Archive for the Elders Q&A Category
Good questions and thoughtful answers are important for healthy relationships, and our relationship as shepherds and flock are no exception. Together we share all of the benefits of salvation as God’s new covenant people: forgiveness, adoption, the Spirit, and on and on. Some are shepherds. But we’re all bothers and sisters. We’re a family. And so DSC’s elders are available in the halls around church, by email, and once each year we set aside an evening to take questions in the context of a corporate gathering. We call it, an “Elders Q&A.”
Our next Elders Q&A will take place on the last Wednesday of this month, September 28, at 6:30 PM with dinner together at 5:30 PM.
If you have a question, submit it. If you don’t, think of one and then submit it. Here are four ways to ask your questions:
- Submit your question using your bulletin Comment Card on Sunday and drop that in an offering box.
- Email your question to firstname.lastname@example.org.
- Communicate your question for the Q&A to an elder in person or through email. Click here for faces and emails.
- Show up with your question on the 30th. The elders will take some questions from a mic in the course of the evening.
Of course, we appreciate your questions early. This helps us notice recurring themes and spend our time in a way that best serves the congregation. Any questions that are not addressed at the Q&A will be answered through the DSC Blog or by email.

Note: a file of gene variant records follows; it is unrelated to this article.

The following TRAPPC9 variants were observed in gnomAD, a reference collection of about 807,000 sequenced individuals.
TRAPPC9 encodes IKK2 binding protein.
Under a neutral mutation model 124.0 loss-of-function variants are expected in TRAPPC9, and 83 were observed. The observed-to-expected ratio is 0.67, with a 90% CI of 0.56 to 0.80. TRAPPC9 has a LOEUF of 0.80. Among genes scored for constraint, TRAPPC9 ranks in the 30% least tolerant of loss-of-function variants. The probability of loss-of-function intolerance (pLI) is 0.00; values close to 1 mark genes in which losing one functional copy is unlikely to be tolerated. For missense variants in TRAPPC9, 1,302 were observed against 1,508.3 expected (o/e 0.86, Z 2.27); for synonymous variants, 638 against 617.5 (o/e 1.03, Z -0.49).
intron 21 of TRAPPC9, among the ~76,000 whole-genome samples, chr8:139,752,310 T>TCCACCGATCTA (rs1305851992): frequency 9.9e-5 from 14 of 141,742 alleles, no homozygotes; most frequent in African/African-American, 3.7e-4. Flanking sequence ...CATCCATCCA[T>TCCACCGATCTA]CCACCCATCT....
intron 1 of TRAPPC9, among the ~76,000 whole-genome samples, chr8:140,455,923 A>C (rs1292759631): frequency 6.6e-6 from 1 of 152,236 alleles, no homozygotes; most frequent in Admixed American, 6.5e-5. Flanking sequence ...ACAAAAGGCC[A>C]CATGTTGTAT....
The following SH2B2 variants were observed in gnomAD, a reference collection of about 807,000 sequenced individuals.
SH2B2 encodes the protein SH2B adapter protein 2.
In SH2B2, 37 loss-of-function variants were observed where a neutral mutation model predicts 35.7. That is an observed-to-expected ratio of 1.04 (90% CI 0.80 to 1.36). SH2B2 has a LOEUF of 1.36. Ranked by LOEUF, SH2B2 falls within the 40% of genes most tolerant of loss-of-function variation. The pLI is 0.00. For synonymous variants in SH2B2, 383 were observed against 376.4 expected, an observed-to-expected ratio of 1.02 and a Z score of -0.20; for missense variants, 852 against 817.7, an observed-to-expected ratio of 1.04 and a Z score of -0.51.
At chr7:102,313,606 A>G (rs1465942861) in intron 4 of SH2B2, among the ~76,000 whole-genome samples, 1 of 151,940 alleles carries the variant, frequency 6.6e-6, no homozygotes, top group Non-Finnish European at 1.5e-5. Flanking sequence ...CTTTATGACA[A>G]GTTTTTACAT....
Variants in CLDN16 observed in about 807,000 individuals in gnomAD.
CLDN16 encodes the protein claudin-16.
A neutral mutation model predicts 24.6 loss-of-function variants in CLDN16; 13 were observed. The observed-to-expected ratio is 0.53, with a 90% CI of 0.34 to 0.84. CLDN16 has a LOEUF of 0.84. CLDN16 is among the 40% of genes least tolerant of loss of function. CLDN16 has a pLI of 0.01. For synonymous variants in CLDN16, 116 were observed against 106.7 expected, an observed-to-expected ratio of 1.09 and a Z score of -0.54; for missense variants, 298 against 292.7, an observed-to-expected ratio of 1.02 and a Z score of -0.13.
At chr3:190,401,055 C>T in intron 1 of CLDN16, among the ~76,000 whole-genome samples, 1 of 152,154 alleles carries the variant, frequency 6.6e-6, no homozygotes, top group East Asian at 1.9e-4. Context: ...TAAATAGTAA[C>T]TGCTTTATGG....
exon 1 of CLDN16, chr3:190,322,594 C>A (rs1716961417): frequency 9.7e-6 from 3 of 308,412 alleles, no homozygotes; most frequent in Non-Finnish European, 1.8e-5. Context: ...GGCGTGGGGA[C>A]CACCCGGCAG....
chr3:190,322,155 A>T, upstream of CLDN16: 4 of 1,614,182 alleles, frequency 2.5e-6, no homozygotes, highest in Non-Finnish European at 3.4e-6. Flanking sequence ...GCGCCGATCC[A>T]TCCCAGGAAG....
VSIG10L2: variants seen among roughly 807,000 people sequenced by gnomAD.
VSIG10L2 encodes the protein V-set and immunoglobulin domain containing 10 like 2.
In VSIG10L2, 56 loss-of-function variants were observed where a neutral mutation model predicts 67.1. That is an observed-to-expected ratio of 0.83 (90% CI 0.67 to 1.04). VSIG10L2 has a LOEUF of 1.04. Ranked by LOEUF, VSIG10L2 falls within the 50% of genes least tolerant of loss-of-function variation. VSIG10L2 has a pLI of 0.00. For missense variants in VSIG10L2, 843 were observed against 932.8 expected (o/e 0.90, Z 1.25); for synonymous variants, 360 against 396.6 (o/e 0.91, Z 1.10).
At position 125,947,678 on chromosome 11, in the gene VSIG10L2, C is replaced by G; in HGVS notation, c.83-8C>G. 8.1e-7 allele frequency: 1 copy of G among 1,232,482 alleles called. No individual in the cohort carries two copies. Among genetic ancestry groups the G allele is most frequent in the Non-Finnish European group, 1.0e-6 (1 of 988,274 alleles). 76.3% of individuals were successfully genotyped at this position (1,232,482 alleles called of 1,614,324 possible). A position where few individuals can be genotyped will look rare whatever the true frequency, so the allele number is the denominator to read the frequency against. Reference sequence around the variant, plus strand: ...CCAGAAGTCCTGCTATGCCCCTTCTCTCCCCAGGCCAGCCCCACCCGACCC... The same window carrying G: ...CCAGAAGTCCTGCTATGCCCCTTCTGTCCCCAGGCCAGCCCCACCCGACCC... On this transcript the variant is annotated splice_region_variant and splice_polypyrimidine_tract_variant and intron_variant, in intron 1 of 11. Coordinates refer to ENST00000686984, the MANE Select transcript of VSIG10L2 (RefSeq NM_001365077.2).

Get acquainted with DSC’s elders by reading their biographies on the Leadership Page. Also, audio from previous Elder Q&A evenings is available at our Messages Page under the topic “Elder Q&A.” For a few recaps from previous years, click here, here, here, and here.
At the very tail end of last year’s Elders Q&A we were asked about the morality of smoking pot should it become legal here in New Mexico.
As elders we might handle a question like this a number of ways. We handle it on the spot when we’re ready to be thoughtful enough on the question. We were all agreed as to our answer, but given that it was the last question of the night and given that it requires some careful handling, we said we’d follow-up with a post on the blog. We didn’t expect it would take us this long, but it’s been a full and fruitful year.
We’re glad now to give some attention to this important question.
First, I’ll mention some of the more helpful reads on the topic. For example, at The Gospel Coalition, Joe Carter answers the question, “Is Recreational Marijuana Use a Sin?” Then, at Desiring God, John Piper addresses the issue in his article, “Don’t Let Your Mind Go to Pot.” Ed Welch has a nice piece written from the concern of a biblical counselor. Then, there’s a very important piece at The Heritage Foundation, “Legalizing Marijuana: Why Citizens Should Just Say No.” That piece addresses a slightly different question than the one raised at the Q&A, but one we should consider, and the piece is built on a body of substantial research which shows what Marijuana does to the human body, to a human life, and to society, including especially the urban poor. Then, there are articles like, “Marijuana Is Harmful: Debunking 7 Myths Arguing It’s Fine,” based on a book by a similar title by Kevin Sabet, a former Senior Advisor in President Obama’s drug policy office. All of this is worthy reading for the person who wants a grasp on the matter from several angles.